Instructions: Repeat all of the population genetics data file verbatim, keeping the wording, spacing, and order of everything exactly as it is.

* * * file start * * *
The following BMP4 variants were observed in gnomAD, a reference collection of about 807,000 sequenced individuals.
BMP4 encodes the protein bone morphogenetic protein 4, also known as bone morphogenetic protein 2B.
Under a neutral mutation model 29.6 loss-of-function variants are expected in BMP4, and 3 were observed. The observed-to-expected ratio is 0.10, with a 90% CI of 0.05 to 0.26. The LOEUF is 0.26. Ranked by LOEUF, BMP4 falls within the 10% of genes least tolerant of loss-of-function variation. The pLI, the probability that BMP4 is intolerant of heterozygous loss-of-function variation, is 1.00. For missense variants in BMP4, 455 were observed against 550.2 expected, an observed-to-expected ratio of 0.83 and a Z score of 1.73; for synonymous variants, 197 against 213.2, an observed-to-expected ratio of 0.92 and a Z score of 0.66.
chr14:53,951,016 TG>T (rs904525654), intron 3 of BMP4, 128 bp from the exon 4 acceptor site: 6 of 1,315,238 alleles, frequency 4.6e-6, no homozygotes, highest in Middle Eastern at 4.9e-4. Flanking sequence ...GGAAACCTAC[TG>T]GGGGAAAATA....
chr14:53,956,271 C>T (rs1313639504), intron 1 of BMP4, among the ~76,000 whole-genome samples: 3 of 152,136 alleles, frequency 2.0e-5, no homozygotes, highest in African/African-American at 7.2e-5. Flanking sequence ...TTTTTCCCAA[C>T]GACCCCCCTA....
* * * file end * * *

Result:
The following BMP4 variants were observed in gnomAD, a reference collection of about 807,000 sequenced individuals.
BMP4 encodes the protein bone morphogenetic protein 4, also known as bone morphogenetic protein 2B.
Under a neutral mutation model 29.6 loss-of-function variants are expected in BMP4, and 3 were observed. The observed-to-expected ratio is 0.10, with a 90% CI of 0.05 to 0.26. The LOEUF is 0.26. Ranked by LOEUF, BMP4 falls within the 10% of genes least tolerant of loss-of-function variation. The pLI, the probability that BMP4 is intolerant of heterozygous loss-of-function variation, is 1.00. For missense variants in BMP4, 455 were observed against 550.2 expected, an observed-to-expected ratio of 0.83 and a Z score of 1.73; for synonymous variants, 197 against 213.2, an observed-to-expected ratio of 0.92 and a Z score of 0.66.
chr14:53,951,016 TG>T (rs904525654), intron 3 of BMP4, 128 bp from the exon 4 acceptor site: 6 of 1,315,238 alleles, frequency 4.6e-6, no homozygotes, highest in Middle Eastern at 4.9e-4. Flanking sequence ...GGAAACCTAC[TG>T]GGGGAAAATA....
chr14:53,956,271 C>T (rs1313639504), intron 1 of BMP4, among the ~76,000 whole-genome samples: 3 of 152,136 alleles, frequency 2.0e-5, no homozygotes, highest in African/African-American at 7.2e-5. Flanking sequence ...TTTTTCCCAA[C>T]GACCCCCCTA....